Many initiatives have been adopted and others are in discussion with the contractors. Some, such as major acceleration have some risk of failure and will require the outlay of significant funds as contract changes beyond the contracted amount and will require extensive analysis, scrutiny and successful negotiations with contractors. Efforts in this regard are ongoing, but the level of success in negotiating major accelerations with contractors is unknown at this time.
Initiatives coming from schedule analysis, observed performance and better contractual situations and risk analysis are expected to achieve some schedule improvements.
The potential for contract slippage and for “significant” additional expenditure are quite clear. However, at this point the assumption was that the project could still be completed within its original budget.
Pages 30-32 show the evolution of the project schedule from an original view in 2006 to a then-current view in 2012, and even that proved optimistic. Note that by 2012, the effect of the delay from the York University fatality should already have been incorporated in the schedule.
What is missing is an updated chart showing newly projected dates for the project components or a discussion of the factors since October 2012 that would lead to even further delay.
By July 2014, the transition from tunnel building to stations was well underway, but the PB report notes that five of six sites were “behind the spending curve”, i.e. the contractors were not building at the expected rate. Without stations, installation of many systems cannot occur including track and power, not to mention equipment and finishes in the stations themself. Delays to contracts for such work would lead to claims and the whole process of managing the project would be extended. The most telling goal of the PB review is to “Define the magnitude” of the station construction problem. This suggests that the TTC’s project managers did not actually know the status of their own project.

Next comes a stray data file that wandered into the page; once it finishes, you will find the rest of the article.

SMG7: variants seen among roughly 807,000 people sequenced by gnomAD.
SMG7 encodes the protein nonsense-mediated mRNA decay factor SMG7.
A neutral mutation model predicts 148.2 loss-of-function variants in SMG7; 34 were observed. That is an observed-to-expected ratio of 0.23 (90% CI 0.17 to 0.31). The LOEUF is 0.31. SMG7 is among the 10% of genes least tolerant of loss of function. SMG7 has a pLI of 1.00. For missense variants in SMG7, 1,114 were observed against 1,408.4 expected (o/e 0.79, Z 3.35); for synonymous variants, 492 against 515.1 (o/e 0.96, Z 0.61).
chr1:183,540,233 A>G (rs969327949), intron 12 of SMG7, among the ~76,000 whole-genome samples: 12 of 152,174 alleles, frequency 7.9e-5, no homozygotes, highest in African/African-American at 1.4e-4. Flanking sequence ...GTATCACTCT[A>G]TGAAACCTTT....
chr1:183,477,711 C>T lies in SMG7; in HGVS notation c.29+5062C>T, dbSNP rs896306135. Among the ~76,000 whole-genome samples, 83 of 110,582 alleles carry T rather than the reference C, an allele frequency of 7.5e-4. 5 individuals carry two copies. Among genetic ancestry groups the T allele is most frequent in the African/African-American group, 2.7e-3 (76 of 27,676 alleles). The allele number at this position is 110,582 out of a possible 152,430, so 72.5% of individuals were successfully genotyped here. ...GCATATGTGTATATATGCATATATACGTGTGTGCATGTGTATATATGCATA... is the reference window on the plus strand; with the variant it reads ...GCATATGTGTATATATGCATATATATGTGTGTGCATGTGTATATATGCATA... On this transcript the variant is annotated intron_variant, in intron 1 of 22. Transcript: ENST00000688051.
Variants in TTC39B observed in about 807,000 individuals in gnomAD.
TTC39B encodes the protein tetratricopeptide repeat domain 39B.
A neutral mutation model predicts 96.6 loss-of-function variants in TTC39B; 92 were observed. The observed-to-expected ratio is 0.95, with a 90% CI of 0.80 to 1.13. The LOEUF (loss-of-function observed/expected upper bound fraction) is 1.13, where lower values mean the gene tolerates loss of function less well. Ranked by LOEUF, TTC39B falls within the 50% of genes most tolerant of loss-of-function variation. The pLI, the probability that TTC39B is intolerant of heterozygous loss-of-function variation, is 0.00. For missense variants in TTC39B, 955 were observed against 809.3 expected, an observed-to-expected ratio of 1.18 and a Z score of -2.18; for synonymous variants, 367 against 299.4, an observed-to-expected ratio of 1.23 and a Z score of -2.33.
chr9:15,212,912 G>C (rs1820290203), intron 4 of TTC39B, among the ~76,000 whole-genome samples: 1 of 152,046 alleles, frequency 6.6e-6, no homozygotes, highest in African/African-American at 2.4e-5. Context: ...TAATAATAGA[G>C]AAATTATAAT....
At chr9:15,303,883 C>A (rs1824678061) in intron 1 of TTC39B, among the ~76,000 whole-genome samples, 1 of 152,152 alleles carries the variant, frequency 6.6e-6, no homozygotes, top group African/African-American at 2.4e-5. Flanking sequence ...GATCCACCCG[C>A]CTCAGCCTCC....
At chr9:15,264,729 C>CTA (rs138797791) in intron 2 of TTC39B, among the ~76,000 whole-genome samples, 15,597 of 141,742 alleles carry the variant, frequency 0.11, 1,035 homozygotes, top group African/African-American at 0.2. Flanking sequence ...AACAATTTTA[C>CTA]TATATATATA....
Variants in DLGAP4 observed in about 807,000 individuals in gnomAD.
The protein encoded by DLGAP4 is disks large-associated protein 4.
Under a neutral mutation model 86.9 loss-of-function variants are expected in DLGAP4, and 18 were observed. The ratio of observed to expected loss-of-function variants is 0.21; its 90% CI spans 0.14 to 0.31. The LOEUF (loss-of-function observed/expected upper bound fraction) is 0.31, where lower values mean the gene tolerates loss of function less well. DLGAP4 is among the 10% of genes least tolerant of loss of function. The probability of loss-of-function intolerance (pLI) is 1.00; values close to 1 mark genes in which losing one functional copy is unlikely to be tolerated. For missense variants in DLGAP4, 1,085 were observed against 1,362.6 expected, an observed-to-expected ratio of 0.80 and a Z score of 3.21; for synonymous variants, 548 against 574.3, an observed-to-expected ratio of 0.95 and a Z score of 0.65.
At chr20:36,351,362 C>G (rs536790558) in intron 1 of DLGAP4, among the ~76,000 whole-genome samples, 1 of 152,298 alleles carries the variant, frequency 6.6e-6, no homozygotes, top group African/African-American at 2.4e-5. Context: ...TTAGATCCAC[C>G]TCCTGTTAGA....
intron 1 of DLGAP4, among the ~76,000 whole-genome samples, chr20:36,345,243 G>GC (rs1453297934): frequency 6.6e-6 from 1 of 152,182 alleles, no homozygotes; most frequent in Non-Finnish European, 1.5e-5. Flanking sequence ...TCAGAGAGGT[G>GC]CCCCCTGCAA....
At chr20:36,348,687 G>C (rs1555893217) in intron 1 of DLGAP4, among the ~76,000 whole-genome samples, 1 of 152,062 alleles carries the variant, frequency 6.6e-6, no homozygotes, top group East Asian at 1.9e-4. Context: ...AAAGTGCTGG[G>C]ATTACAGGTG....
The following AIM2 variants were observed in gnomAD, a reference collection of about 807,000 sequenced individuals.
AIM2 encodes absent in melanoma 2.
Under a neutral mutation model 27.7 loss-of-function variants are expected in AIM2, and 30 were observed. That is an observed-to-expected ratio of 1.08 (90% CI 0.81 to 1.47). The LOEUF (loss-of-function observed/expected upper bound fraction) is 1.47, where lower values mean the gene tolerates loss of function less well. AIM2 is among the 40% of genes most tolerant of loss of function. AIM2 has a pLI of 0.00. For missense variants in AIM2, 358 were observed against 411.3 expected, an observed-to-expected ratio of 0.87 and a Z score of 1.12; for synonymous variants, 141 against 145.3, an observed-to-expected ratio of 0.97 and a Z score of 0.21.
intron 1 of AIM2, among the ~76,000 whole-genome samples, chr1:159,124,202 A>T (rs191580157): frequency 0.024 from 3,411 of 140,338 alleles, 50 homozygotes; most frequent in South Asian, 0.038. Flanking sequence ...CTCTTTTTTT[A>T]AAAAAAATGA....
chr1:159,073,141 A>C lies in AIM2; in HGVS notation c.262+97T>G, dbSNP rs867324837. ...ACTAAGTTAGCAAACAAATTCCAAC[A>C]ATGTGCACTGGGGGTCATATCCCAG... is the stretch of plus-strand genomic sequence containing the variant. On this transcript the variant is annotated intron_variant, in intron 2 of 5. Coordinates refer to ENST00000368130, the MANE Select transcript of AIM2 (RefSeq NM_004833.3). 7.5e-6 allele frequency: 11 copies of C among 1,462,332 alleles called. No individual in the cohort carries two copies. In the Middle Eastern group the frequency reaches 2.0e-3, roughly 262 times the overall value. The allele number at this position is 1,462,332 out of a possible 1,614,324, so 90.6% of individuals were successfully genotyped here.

A detailed review took place with a series of meetings in June and July 2014 leading to a conclusion that a May 2018 opening would be possible subject to various caveats notably that the then-current rate of progress by contractors continued and that no contractor would go into receivership or abandon their work.
The new schedule was subject to formal risk analysis to examine the linkages between contracts and activities, the risk of various events, and the combined effect on a likely opening date for the line. This revealed that at May 2018, there was a very high risk (see chart, page 47) that many of the potential delays would occur, and that far too much faith would be required in ideal circumstances to actually hit that date. The project would not get “over the hump” of the risk chart until late 2018, with mid-2019 as a worst case scenario. Of particular note were the late completion of the trainways at Steeles West (now Pioneer Village) and York University Stations that would slow down many dependent contracts. This was not a question of fixing many small problems (although there were plenty), but of addressing two very big ones.